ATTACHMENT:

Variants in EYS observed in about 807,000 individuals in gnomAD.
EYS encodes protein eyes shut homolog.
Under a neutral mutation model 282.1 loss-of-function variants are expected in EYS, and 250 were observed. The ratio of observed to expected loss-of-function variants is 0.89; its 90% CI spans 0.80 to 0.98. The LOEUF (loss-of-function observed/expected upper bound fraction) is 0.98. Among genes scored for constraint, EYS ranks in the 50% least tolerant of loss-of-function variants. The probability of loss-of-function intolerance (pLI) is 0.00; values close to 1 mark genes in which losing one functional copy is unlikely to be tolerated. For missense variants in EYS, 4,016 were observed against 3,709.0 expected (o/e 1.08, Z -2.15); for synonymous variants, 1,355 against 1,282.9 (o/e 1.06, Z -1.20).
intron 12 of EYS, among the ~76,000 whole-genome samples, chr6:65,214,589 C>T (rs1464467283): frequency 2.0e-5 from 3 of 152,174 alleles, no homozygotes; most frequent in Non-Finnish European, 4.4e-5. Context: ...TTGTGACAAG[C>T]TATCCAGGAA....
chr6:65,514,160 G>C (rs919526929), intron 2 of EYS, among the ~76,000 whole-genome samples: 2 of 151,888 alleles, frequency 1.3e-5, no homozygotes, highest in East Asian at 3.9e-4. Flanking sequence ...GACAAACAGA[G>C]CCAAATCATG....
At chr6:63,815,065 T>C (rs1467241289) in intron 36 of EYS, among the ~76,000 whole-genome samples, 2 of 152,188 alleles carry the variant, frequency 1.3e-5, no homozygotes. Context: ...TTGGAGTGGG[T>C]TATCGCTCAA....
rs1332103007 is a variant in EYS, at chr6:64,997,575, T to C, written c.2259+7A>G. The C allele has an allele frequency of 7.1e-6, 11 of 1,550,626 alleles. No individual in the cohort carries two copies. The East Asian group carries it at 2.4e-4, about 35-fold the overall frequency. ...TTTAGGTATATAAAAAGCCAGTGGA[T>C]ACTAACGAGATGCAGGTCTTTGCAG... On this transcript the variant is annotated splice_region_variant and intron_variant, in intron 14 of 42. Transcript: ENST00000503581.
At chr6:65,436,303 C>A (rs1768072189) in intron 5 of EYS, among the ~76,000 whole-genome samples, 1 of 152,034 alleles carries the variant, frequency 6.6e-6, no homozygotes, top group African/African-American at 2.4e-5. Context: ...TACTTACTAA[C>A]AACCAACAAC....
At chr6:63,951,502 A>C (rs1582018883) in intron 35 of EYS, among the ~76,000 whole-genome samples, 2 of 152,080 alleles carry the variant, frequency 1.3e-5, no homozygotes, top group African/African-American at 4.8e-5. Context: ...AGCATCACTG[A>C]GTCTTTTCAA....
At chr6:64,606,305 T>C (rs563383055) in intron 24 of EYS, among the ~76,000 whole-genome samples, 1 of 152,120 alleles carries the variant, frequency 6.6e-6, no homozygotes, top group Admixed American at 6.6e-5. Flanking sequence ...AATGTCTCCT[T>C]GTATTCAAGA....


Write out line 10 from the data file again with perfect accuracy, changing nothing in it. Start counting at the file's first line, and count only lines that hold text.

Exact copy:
At chr6:64,606,305 T>C (rs563383055) in intron 24 of EYS, among the ~76,000 whole-genome samples, 1 of 152,120 alleles carries the variant, frequency 6.6e-6, no homozygotes, top group Admixed American at 6.6e-5. Flanking sequence ...AATGTCTCCT[T>C]GTATTCAAGA....